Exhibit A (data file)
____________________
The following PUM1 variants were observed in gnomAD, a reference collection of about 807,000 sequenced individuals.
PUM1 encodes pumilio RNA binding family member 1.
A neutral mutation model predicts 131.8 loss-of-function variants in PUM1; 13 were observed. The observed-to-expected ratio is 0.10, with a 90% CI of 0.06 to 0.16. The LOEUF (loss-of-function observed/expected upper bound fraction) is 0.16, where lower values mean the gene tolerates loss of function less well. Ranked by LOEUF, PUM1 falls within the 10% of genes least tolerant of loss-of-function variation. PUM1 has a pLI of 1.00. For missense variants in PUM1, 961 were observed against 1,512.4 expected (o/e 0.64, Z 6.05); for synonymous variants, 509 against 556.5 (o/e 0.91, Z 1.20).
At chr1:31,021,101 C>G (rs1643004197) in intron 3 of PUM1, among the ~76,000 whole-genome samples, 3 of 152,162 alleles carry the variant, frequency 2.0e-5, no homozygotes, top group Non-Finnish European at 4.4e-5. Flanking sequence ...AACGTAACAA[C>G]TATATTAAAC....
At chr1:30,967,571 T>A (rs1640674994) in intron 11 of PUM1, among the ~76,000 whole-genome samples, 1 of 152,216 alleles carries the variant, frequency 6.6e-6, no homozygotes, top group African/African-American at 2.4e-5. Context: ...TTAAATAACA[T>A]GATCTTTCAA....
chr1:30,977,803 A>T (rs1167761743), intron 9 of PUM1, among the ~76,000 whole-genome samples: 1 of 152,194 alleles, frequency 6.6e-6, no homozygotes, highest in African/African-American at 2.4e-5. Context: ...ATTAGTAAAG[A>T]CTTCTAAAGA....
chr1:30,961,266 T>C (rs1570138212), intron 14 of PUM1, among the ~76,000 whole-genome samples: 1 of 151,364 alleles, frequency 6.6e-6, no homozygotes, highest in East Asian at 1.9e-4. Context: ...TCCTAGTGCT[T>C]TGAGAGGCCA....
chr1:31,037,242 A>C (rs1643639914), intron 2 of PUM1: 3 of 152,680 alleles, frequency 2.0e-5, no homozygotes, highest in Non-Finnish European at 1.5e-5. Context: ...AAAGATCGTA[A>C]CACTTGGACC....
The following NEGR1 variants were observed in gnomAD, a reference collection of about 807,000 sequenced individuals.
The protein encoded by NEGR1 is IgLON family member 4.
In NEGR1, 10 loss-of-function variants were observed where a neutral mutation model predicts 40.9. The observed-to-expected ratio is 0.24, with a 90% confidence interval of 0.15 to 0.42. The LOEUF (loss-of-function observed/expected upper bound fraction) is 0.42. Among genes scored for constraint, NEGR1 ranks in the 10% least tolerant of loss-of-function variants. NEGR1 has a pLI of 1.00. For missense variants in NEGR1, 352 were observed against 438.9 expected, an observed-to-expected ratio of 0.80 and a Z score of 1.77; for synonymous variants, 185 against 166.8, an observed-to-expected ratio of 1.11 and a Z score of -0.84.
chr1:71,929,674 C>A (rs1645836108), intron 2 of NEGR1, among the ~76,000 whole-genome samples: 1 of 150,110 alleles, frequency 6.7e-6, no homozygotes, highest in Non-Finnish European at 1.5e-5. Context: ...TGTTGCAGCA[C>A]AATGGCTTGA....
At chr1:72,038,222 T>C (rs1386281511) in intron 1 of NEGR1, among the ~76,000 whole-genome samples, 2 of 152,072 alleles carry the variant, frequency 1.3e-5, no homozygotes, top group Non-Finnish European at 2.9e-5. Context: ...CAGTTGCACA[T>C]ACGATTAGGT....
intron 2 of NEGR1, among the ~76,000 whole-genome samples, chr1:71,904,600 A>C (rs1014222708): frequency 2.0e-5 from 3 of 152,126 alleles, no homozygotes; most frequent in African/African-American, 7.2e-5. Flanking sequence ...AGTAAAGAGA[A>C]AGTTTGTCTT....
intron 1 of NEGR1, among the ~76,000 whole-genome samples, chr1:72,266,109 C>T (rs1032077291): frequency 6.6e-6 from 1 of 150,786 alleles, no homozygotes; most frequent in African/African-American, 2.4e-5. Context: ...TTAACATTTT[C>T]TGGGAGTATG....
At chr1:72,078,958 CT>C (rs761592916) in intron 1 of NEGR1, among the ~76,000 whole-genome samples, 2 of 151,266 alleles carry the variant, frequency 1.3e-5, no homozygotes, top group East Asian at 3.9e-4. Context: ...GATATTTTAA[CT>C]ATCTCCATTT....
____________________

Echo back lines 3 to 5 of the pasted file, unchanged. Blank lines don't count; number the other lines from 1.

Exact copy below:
A neutral mutation model predicts 131.8 loss-of-function variants in PUM1; 13 were observed. The observed-to-expected ratio is 0.10, with a 90% CI of 0.06 to 0.16. The LOEUF (loss-of-function observed/expected upper bound fraction) is 0.16, where lower values mean the gene tolerates loss of function less well. Ranked by LOEUF, PUM1 falls within the 10% of genes least tolerant of loss-of-function variation. PUM1 has a pLI of 1.00. For missense variants in PUM1, 961 were observed against 1,512.4 expected (o/e 0.64, Z 6.05); for synonymous variants, 509 against 556.5 (o/e 0.91, Z 1.20).
At chr1:31,021,101 C>G (rs1643004197) in intron 3 of PUM1, among the ~76,000 whole-genome samples, 3 of 152,162 alleles carry the variant, frequency 2.0e-5, no homozygotes, top group Non-Finnish European at 4.4e-5. Flanking sequence ...AACGTAACAA[C>G]TATATTAAAC....
At chr1:30,967,571 T>A (rs1640674994) in intron 11 of PUM1, among the ~76,000 whole-genome samples, 1 of 152,216 alleles carries the variant, frequency 6.6e-6, no homozygotes, top group African/African-American at 2.4e-5. Context: ...TTAAATAACA[T>A]GATCTTTCAA....